4B - The Michigan Daily - SportsMonday - November 29, 2004
LINE OF THE WEEK
Saturday vs. Wisconsin
0 points, 3 shots, +1 rating
PLAYERS OF THE WEEK
"Well, the fans were right. We're
- Michigan coach Red Berenson on
the fans' chant at the end of the game.
The opposing goalkeeper stifled
the Wolverines with stellar
performances. Bruckler had 23
saves in the 3-2 win.
Kolarik's goal Saturday to tie the game at
one gave Michigan its only real chance to
skate with its opponents. He also made
his physical presence felt in both games.
First-period woes strike again in Showcase
Potulny (2), Fleming,
Dowell, Burish, Joudrey
Wisconsin 3, Michigan 1
Michigan 1 0 0 - 1
Wisconsin 1 2 0 - 3
First period - 1. WIS, Jake Dowell 7 (Nick Licari,
Ross Carlson) 12:56; 2. MICH, Chad Kolarik 5
(Jeff Tambellini, Eric Werner) 18:41. Penalties
- Kyle Klubertanz, WIS (holding) 0:42; David
Moss, MICH (hooking) 4:41; Jason Dest, MICH
(slashing) 5:57; David Moss, MICH (interference)
7:48; Nick Martens, MICH (high sticking) 15:44;
- Tom Gilbert, WIS (tripping) 19:16.
Second period - 3. WIS, Adam Burish 3 (Jeff
Likens, Joe Pavelski) 11:10; 4. WIS, Andrew
Joudrey 3 (Ryan MacMurchy, Davis Drewiske)
17:20. Penalties - Tom Gilbert, WIS (tripping)
1:19: Milan Gajic, MICH (high sticking) 10:09;
Joe Piskula, WIS (cross checking) 15:29; Jason
Ryznar, MICH (cross checking) 17:37; Jeff Lik-
ens, WIS (slashing) 17:37.
Third period - No scoring. Penalties - Brandon
Kaleniecki, MICH (holding) 12:21; Kyle Kluber-
tanz, WIS (holding) 13:38.
Shots on goal: WIS 13-8-7 28; MICH 6-9-9 24. Power
plays: WIS 1 of 6; MICH 0 of 5. Saves - WIS Bernd
Bruckler (5-9-9) -23; MICH, Al Montoya (12-
Referee: Tom Anderson.
At: The Kohl Center
By Ian Herbert
Daily Sports Writer
MINNEAPOLIS - Until just over a week ago, Michigan was one
of the strongest first-period teams in the country. The Wolverines
gave up just four first-period goals in their first 11 games, and they
outscored their opponents 13-4 in that span.
But in games No. 12 and 13 - last Saturday against Michigan
State and on Friday at Minnesota - they gave up a combined eight
Michigan kept up with the Spartans, and the first period ended with
the Wolverines down by just one goal. But against Minnesota, it was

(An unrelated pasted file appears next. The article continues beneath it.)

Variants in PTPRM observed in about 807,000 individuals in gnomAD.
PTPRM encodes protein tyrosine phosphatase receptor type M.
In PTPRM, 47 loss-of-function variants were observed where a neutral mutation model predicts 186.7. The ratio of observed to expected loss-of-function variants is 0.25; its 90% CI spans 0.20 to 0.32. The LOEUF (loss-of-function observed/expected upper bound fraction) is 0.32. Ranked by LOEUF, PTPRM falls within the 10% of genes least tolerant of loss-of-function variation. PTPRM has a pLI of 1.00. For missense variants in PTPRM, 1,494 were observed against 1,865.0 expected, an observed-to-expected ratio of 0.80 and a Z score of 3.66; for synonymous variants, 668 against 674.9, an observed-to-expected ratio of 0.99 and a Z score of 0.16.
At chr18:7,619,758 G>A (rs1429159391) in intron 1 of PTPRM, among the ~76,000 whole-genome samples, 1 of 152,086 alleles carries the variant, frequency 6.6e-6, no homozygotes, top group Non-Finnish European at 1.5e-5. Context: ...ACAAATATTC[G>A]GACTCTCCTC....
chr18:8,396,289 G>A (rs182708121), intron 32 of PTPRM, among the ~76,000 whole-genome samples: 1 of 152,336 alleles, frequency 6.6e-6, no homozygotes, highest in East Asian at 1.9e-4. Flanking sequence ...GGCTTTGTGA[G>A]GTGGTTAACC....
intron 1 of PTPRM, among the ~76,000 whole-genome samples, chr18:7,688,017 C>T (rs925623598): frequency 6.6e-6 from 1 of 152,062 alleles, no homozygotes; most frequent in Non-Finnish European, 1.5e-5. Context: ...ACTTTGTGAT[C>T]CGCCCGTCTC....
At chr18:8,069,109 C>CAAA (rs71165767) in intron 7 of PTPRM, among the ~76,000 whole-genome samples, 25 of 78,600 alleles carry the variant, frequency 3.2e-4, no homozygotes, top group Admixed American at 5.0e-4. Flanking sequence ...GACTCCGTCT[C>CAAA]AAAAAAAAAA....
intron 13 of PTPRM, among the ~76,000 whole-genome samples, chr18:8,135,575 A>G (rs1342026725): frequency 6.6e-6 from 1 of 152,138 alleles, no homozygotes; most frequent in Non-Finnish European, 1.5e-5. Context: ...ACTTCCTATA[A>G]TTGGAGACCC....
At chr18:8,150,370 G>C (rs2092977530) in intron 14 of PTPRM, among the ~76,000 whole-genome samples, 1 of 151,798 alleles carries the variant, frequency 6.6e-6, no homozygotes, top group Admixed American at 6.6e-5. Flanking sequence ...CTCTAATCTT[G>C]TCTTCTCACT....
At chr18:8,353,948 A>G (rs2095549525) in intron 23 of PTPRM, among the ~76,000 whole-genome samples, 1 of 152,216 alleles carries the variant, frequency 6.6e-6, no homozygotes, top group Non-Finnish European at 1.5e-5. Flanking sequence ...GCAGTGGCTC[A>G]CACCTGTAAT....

a different story.
Sophomore Ryan Potulny, who came into the game as the nation's
leading goal-scorer (12), got Minnesota off to an amazingly quick
start, scoring two goals before the entire Mariucci Arena crowd had
filed into their seats.
"We just didn't come ready to play, and they were flying right from
the get-go," junior Jeff Tambellini said. "They capitalized on their
"Before we knew, it we were down 4-0 and were out of this
As good as he's been this season, Potulny didn't need any help
from the Wolverines. But Montoya gave up two long rebounds that
made it easy for the nation's leading scorer. Just 3:10 into the first
period, Minnesota freshman Ben Gordon got the puck at the top of
the right circle and brought it through the Michigan defense to the
slot. His shot didn't make it into the net, but a long rebound gave
Potulny a wide-open opportunity. He collected the puck at the bottom
of the circle and fired a wrist-shot over Montoya, who was sprawling
on the ice.
Just 28 seconds later, Potulny collected another long rebound in
the right circle - this time off a shot from defenseman Derek Peltier
- and again put the puck past Montoya, while the goalie was lying
on the ice.
The two tallies started a four-goal period for the Golden Gophers.
By the time Minnesota scored its third goal of the period, it was
outshooting the Wolverines 12-2. Michigan got one score late in the
period, but trailed 4-1 vyhen the air horn blew.
"We knew it would be a fast-starting game," Michigan coach Red
Berenson said. "I think that our team was emotionally ready to start
fast, but they weren't ready to get scored on as quickly as they were."
Berenson didn't speculate about why the Wolverines have been
starting slow recently, but - whether it was sluggish skating or poor